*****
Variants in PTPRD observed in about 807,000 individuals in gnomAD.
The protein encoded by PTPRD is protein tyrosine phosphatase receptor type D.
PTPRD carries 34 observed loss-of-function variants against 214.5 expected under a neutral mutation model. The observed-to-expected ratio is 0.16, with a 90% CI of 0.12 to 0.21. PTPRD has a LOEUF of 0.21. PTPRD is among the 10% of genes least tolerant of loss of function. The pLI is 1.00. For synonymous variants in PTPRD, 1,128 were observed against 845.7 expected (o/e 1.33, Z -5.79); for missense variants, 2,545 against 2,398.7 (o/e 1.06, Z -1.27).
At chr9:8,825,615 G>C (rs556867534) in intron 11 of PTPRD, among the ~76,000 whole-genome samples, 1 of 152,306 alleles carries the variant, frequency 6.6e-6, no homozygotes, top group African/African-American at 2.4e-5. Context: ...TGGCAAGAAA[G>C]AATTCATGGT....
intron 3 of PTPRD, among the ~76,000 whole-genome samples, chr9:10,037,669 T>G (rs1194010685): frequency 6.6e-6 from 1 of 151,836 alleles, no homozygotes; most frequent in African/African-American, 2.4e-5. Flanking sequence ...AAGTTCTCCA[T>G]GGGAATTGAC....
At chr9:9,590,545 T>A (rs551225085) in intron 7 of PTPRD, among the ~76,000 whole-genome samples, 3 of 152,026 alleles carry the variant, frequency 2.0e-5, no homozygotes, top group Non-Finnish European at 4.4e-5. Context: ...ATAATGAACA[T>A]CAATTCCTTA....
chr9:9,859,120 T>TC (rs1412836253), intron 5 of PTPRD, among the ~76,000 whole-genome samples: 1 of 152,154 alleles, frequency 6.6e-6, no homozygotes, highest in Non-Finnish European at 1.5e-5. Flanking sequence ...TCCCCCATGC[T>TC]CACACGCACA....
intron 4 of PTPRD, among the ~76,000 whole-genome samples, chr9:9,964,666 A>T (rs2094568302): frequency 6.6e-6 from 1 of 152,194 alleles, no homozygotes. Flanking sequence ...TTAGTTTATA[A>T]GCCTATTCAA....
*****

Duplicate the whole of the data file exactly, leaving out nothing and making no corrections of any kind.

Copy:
Variants in PTPRD observed in about 807,000 individuals in gnomAD.
The protein encoded by PTPRD is protein tyrosine phosphatase receptor type D.
PTPRD carries 34 observed loss-of-function variants against 214.5 expected under a neutral mutation model. The observed-to-expected ratio is 0.16, with a 90% CI of 0.12 to 0.21. PTPRD has a LOEUF of 0.21. PTPRD is among the 10% of genes least tolerant of loss of function. The pLI is 1.00. For synonymous variants in PTPRD, 1,128 were observed against 845.7 expected (o/e 1.33, Z -5.79); for missense variants, 2,545 against 2,398.7 (o/e 1.06, Z -1.27).
At chr9:8,825,615 G>C (rs556867534) in intron 11 of PTPRD, among the ~76,000 whole-genome samples, 1 of 152,306 alleles carries the variant, frequency 6.6e-6, no homozygotes, top group African/African-American at 2.4e-5. Context: ...TGGCAAGAAA[G>C]AATTCATGGT....
intron 3 of PTPRD, among the ~76,000 whole-genome samples, chr9:10,037,669 T>G (rs1194010685): frequency 6.6e-6 from 1 of 151,836 alleles, no homozygotes; most frequent in African/African-American, 2.4e-5. Flanking sequence ...AAGTTCTCCA[T>G]GGGAATTGAC....
At chr9:9,590,545 T>A (rs551225085) in intron 7 of PTPRD, among the ~76,000 whole-genome samples, 3 of 152,026 alleles carry the variant, frequency 2.0e-5, no homozygotes, top group Non-Finnish European at 4.4e-5. Context: ...ATAATGAACA[T>A]CAATTCCTTA....
chr9:9,859,120 T>TC (rs1412836253), intron 5 of PTPRD, among the ~76,000 whole-genome samples: 1 of 152,154 alleles, frequency 6.6e-6, no homozygotes, highest in Non-Finnish European at 1.5e-5. Flanking sequence ...TCCCCCATGC[T>TC]CACACGCACA....
intron 4 of PTPRD, among the ~76,000 whole-genome samples, chr9:9,964,666 A>T (rs2094568302): frequency 6.6e-6 from 1 of 152,194 alleles, no homozygotes. Flanking sequence ...TTAGTTTATA[A>T]GCCTATTCAA....